How to enjoy being single

If you're the last unattached body in your circle of friends, you may be left experiencing a host of unexpected emotions. From being left out of 'couples night' to feeling like the fifth wheel, our relationship experts offer some friendly advice to help you cope with the next chapter in your life.

By Diana Faria

Tips on how to enjoy being single
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While some women are comfortable and happy with being single and free, others may sometimes feel a sense of sadness when it appears everyone around them is married but them. We asked Vancouver-based registered clinical counsellor and couples therapist Iona Monk and Toronto-based relationships expert Stacie Ikka for advice on how to get over this temporary bump, and embrace life as a currently single person.

Take time for yourself

Zero in on the great aspects of singlehood, such as freedom and more time to do the things you enjoy. Ikka tells her clients to identify three things outside of their work life that excites them, and then suggests making those three activities their top priority.

"It brings a more positive focus and purpose to their life," Ikka says. "There is a ton of research and evidence to support that the more you enjoy the time you're spending day to day, the more positive and fulfilled you are, the more whole you become and therefore you are more likely to attract good and appropriate people into your life."

Monk recommends doing the things you've always wanted to do while you are still single. She suggests taking the opportunity to work on yourself before you have a partner, children and other responsibilities that come with relationships and marriage. "Be selfish when you're single, and I mean that in a positive way," she says. "Take that time for you, because you probably won't have it again."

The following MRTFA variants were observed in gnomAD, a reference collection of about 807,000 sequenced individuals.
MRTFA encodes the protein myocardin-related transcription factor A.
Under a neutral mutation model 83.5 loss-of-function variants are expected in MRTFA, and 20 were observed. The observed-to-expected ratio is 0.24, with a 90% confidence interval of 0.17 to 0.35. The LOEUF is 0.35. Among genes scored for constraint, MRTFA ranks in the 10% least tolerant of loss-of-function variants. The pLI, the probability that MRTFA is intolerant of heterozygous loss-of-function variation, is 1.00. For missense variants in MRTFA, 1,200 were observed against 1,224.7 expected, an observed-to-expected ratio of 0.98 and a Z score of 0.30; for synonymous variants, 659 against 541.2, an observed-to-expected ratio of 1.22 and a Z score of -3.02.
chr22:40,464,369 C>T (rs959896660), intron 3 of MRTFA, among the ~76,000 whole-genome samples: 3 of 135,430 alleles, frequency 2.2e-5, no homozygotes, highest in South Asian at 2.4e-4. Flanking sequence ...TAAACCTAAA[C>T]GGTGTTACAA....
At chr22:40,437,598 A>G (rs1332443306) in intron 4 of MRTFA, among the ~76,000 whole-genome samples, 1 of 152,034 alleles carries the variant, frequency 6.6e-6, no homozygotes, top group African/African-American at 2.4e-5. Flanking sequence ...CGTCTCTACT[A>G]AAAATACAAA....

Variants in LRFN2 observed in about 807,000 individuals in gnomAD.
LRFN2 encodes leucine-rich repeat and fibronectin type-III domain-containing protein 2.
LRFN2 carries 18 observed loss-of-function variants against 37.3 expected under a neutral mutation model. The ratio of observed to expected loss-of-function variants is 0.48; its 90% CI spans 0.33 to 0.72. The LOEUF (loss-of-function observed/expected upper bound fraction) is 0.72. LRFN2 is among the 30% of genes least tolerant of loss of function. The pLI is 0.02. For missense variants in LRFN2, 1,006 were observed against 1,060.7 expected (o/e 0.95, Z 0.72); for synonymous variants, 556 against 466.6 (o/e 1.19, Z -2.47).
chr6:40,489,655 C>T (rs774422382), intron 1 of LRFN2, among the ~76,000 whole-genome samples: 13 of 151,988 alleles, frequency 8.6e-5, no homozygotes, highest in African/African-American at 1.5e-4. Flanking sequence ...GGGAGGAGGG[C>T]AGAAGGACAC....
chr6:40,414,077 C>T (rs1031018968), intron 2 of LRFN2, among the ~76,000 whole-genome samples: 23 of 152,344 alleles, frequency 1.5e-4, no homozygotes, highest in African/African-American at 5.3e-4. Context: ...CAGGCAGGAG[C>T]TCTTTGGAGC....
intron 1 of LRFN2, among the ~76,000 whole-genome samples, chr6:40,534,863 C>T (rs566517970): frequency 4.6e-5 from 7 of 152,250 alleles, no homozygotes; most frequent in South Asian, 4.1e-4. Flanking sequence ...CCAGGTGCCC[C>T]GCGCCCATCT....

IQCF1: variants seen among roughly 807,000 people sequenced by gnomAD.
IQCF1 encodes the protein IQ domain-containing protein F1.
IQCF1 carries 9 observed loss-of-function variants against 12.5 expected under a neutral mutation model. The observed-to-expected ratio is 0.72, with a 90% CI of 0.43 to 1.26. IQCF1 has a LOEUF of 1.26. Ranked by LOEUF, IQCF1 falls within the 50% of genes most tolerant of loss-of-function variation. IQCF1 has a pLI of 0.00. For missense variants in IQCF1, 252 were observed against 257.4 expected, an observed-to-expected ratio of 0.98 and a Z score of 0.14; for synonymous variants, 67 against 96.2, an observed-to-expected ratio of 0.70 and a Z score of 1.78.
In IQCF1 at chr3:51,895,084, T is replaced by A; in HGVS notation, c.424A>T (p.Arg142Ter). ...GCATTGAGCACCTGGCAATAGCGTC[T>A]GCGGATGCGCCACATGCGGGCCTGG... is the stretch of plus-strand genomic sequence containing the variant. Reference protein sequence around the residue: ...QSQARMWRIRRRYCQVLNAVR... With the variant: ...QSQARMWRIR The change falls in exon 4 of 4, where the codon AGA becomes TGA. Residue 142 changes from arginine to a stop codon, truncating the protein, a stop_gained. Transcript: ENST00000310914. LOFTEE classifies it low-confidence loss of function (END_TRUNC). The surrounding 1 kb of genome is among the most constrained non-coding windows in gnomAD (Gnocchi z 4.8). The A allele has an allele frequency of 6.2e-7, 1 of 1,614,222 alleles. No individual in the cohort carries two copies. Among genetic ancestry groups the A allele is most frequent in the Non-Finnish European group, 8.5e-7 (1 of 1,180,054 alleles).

Monk also says this is the best time to travel, explore and groups and clubs with people who share similar interests. Doing something you enjoy will not only take your mind off of being single, but you may just meet that special someone at one of these activities.

"The people that you're going to meet there are more likely to be good matches for you and therefore good, potential long-term partners." Monk says.

Have a positive outlook

Your dating outlook may be "shrouded in frustration" because you are the last single person in your circle of friends and that mindset may unknowingly be giving off a negative vibe. "They're either going to attract negative people into their life or they're almost going to guarantee a negative outcome when they go out on dates," Ikka says. "It's unintentional self-sabotage."

Remain positive about how your love life will turn out and appreciate all the great things you have going on in your life at this moment. "Try to focus on the things that are really good about your life," Monk adds. "Don't miss your life in the moment. Don't miss the joy."


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